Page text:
Iran’s nuclear measures in line with UN Security Council resolution, MP says

July 5, 2021 - 21:23

TEHRAN — Speaking with the ICANA website on Monday, a member of the National Security and Foreign Policy and Committee of the parliament said that every nuclear step that Iran is doing is in line with the United Nations Security Council Resolution 2231.

Abolfazl Amouei stated that one of the main reasons for the incomplete implementation of the resolution is the illegal behavior of the United States in refusing to lift the Trump era sanctions on Iran.

The Islamic Republic of Iran continues to adhere to the provisions of the resolution and regulates its actions within the framework of paragraphs 26 and 36 of the UN Security Council and within the framework accepted in the Vienna talks between Iran and the P4+1 group until the U.S. returns to the agreement.

Amouei added, “The United States has so far shown that it is unwilling to abandon its maximum pressure policy components.”
“The policy of maximum pressure on Iran, although considered a failed policy for all American elites, but its components, such as sanctions, belong to the United States, and therefore, by adhering to Resolution 2231, we have shown that the other side has not fulfilled its obligations and they do not adhere (to them),” the parliamentarian said.

Former U.S. President Donald Trump quit the JCPOA in May 2018 and returned the previous sanctions and imposed new ones under his “maximum pressure” campaign against Iran.  

Amouei said that the UN secretary general must step up pressure on the West, including the United States, which has made it difficult to implement the resolution properly.

The parliamentarian added, "The Vienna talks have not yet reached the desired results of the Islamic Republic of Iran, and until the United States agrees to lift JCPOA and post-JCPOA sanctions, we should not expect Iran to allow them to enter as a member."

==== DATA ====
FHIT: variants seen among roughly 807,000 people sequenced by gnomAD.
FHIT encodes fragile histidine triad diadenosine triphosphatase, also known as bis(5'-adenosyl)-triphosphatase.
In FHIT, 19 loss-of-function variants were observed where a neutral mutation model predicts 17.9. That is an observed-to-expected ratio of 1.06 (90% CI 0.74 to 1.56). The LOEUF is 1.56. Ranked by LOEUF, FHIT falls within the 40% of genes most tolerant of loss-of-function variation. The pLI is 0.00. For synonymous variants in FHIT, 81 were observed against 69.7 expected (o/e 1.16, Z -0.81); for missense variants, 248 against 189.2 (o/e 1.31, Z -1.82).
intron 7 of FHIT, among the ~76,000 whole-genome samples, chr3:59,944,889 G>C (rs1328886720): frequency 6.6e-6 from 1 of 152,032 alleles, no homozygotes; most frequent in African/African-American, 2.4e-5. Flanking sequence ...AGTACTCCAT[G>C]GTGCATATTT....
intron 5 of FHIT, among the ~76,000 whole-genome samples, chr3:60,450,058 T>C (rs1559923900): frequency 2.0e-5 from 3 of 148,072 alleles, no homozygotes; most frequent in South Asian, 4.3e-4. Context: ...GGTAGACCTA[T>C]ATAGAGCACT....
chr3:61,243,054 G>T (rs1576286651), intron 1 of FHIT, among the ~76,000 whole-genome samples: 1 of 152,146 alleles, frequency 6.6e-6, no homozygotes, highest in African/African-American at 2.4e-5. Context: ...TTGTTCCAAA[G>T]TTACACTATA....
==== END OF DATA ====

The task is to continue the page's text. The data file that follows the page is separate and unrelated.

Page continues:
The United States is involved in the Vienna talks indirectly. The European Union and three European states party to the nuclear deal act as intermediary between Iran and the U.S. in the Vienna talks.

According to a monitoring deal between the International Atomic Energy Agency (IAEA) and the Atomic Energy Organization of Iran (AEOI), the Islamic Republic agreed that cameras operating at its nuclear sites would continue to store data and Iran will provide the Agency with the stored recordings for an agreed period of time. 

The deal was first was struck in February for a three-month period to give nuclear negotiations time to revive the JCPOA. And then it was extended by one month, which ended on June 24. The time ended while the nuclear talks lingered. This prompted Iran to unilaterally announce the expiration of the deal. This happened as the end of the sixth round of the Vienna nuclear talks.

The sixth round was concluded nearly four days before the expiration of the Iran-IAEA monitoring deal. Following this round, the U.S. and its European allies ramped up diplomatic pressures on Iran in an apparent effort to get Iran to make more concessions in the next round, which is reportedly expected to begin in the coming days.